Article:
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Is it Okay to Refinish Antiques? Will it Ruin the Value?

The only trade magazine for professional restorers/refinishers was "Finishing & Restoration"(*). Before it went out of publication, the magazine was host to a multi-issue debate regarding the wisdom of refinishing and/or restoring antique and older furniture. A number of professional refinishers and conservators shared their diverse points of view which covered the full spectrum from "refinish everything" to "refinish nothing."

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"Well-conceived and well-executed refinishing and restoration usually enhances the value of just about any piece of old furniture."

So that answers the question of whether it's okay to refinish antiques. But refinishing isn't always the best solution to make an older or antique piece of furniture look nice. The right solution depends on the condition of the finish along with what you would like it to look like and how you will use it. The next step is to identify and assess any damage to the piece and make a plan to remedy any problems. To get started, click on the "Repair vs. Refinish" link at the top left of this page.

(*) - formerly "Professional Refinishing"

 

 My chair is wobbly. Is it best to use metal corner braces and other metal hardware to make sure it is really strong?

Answer: Contrary to what you might believe, metal connectors and fasteners are not the best answer for holding two pieces of wood together. Metal fasteners such as screws will hold a piece together tightly for only a short time. As you use the chair the joints are flexing under the weight. The screws are much harder than the wood. As the joints flex the wood moves but the metal doesn't. Over time the screw will become loose from grinding and pressing against the wood, causing the screw holes to enlarge and ultimately the screw will fall out.

The best way to hold two pieces of wood together is a tight fitting, well glued, joint. Many people have a poor image of repairs done with glue. This is because it is essential that:

  1. The proper type of glue is used for the material being joined.
  2. A tight well fitting joint is accomplished. Wood glues will not have any strength across an open joint.

Quality wood joinery is the hallmark of superior furniture.

 What kind of polish should I use on my furniture?

Answer: There are two main type of furniture care products available, oils and waxes, both have their uses. The #1 best method for preserving a fine finish is simply to keep the piece clean and dry. Today's finishes provide all the protection the wood will ever need. No additional waxes or oils are really necessary.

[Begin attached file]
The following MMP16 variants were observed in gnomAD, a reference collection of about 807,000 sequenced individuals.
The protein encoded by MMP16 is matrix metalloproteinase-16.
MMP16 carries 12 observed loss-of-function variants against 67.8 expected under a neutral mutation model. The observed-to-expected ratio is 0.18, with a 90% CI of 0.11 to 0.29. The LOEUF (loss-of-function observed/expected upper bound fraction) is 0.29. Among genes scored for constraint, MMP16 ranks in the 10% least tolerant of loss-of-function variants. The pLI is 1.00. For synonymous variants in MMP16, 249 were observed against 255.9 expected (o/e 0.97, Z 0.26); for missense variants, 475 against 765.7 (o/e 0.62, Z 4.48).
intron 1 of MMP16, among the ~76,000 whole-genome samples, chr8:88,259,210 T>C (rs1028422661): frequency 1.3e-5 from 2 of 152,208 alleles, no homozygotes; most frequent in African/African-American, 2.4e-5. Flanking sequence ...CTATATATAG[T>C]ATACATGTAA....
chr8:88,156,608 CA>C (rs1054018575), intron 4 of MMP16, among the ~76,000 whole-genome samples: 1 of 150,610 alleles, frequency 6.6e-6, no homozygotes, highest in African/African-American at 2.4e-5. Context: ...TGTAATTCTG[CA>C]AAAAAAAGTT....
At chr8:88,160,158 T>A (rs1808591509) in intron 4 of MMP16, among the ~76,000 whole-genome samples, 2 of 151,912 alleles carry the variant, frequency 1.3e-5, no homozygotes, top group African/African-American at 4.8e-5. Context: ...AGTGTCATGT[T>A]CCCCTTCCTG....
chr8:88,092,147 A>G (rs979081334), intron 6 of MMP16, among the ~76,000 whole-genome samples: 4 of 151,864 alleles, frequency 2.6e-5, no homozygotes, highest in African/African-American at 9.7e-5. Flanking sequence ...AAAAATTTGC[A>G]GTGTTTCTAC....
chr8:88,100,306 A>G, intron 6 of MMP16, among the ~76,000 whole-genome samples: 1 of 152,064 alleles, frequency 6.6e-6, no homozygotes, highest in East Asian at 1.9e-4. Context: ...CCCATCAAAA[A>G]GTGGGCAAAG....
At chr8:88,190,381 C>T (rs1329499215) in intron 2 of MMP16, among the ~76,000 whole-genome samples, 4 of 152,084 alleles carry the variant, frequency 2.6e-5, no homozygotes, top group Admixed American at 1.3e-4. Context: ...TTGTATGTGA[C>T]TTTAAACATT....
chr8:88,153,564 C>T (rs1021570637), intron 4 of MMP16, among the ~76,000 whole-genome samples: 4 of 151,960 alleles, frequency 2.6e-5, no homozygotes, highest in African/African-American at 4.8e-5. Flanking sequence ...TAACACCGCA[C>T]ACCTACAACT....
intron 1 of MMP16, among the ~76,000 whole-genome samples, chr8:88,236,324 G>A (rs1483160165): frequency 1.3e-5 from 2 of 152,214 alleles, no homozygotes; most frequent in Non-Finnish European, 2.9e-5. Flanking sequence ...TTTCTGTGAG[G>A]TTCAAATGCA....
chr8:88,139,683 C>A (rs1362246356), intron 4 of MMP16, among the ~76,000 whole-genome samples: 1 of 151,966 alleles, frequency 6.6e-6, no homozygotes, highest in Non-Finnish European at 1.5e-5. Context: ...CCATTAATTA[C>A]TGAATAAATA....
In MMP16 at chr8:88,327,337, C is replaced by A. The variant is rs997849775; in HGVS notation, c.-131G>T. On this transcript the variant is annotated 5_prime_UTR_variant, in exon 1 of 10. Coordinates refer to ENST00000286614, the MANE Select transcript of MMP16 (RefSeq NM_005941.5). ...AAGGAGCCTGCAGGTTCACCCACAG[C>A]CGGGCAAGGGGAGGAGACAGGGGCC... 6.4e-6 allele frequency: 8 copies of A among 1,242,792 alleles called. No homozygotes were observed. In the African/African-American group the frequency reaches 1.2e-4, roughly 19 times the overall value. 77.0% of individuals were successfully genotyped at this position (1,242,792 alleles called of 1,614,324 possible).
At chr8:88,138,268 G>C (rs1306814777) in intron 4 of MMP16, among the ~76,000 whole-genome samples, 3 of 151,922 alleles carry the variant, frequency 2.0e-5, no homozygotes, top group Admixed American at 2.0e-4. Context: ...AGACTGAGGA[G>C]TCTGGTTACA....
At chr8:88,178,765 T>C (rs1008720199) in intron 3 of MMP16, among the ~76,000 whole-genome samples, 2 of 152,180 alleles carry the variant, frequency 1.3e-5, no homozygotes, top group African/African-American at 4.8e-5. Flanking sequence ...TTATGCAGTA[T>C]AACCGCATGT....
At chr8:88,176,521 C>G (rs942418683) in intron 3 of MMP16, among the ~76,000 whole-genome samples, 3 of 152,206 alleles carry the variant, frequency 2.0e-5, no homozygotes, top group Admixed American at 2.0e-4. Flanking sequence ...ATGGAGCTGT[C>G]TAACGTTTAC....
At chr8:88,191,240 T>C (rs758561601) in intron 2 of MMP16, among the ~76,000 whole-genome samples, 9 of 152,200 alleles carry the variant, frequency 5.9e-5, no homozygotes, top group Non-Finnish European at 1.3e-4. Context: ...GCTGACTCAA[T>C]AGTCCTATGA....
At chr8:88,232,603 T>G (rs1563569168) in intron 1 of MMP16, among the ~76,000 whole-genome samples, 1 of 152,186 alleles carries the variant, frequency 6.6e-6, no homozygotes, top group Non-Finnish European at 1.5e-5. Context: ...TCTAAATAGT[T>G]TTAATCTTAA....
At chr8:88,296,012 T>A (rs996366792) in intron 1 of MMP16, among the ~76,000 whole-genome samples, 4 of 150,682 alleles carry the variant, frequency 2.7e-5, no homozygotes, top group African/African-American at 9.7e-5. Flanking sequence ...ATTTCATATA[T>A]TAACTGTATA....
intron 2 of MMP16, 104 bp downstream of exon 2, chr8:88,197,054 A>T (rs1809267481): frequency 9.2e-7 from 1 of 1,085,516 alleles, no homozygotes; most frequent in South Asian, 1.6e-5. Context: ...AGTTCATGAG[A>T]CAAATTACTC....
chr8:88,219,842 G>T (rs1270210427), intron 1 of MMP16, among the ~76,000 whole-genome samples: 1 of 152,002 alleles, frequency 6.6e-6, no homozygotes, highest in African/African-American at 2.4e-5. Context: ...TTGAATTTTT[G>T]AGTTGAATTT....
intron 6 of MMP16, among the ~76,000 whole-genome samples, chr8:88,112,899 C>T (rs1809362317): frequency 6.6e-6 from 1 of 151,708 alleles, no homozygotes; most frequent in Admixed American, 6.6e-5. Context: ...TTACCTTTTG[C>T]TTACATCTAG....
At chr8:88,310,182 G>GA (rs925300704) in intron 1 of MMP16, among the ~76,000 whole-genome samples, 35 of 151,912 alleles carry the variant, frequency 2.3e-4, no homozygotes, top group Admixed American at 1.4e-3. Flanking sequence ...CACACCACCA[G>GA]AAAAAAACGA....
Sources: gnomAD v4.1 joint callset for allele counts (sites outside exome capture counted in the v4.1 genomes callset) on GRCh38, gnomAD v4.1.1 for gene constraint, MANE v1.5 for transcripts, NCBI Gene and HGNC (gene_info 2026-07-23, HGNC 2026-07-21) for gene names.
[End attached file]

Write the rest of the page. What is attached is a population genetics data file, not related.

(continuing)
Exceptions:

  1. In a heavily used family room where drinking glasses might be left on tables, I recommend a good paste wax for the tops. This will give an extra barrier of protection from water damage. Oil is not recommended for these pieces because you will be constantly fighting finger prints, smudges and dust stuck to the greasy surface.
  2. Oil might be the answer on an antique dresser, where the finish is cracked and checked. The oil will help slow the drying out of the finish any further. If the piece is heavily used, then I would recommend wax instead.

Avoid polishes containing silicone. Silicone makes the wax much easier to apply and gives a pleasing shiny surface. When it comes time to refinish however silicone can be extremely detrimental to the final out come. Silicone can cause a condition in the new finish called fisheyes. This is the separation of the finish around the grain. A pock marked and uneven finish is the result.

How do I remove the white vacuum marks along the bottoms of my wood furniture?

Answer: Rub lightly in the same direction as the grain with a scotchbrite pad (the same type you use to scrub your dishes). Then rub with a soft cloth.

How do I remove a white ring or spot on my table top?

Answer: A white ring is moisture captured in the top layers of wax. Believe it or not, sometimes coating the surface with mayonnaise and allowing to set for a few minutes will release this moisture and the finish will become clear again. If this doesn't work it might be time to call a professional. Furniture Rescue can send someone to your home to assess the situation.

How do I remove a black ring?

Answer: Black rings are usually bad news. Black rings are in the wood and refinishing is most likely required.

If you have a question about furniture repair and care that wasn't answered above, please fill out the form below and submit your question.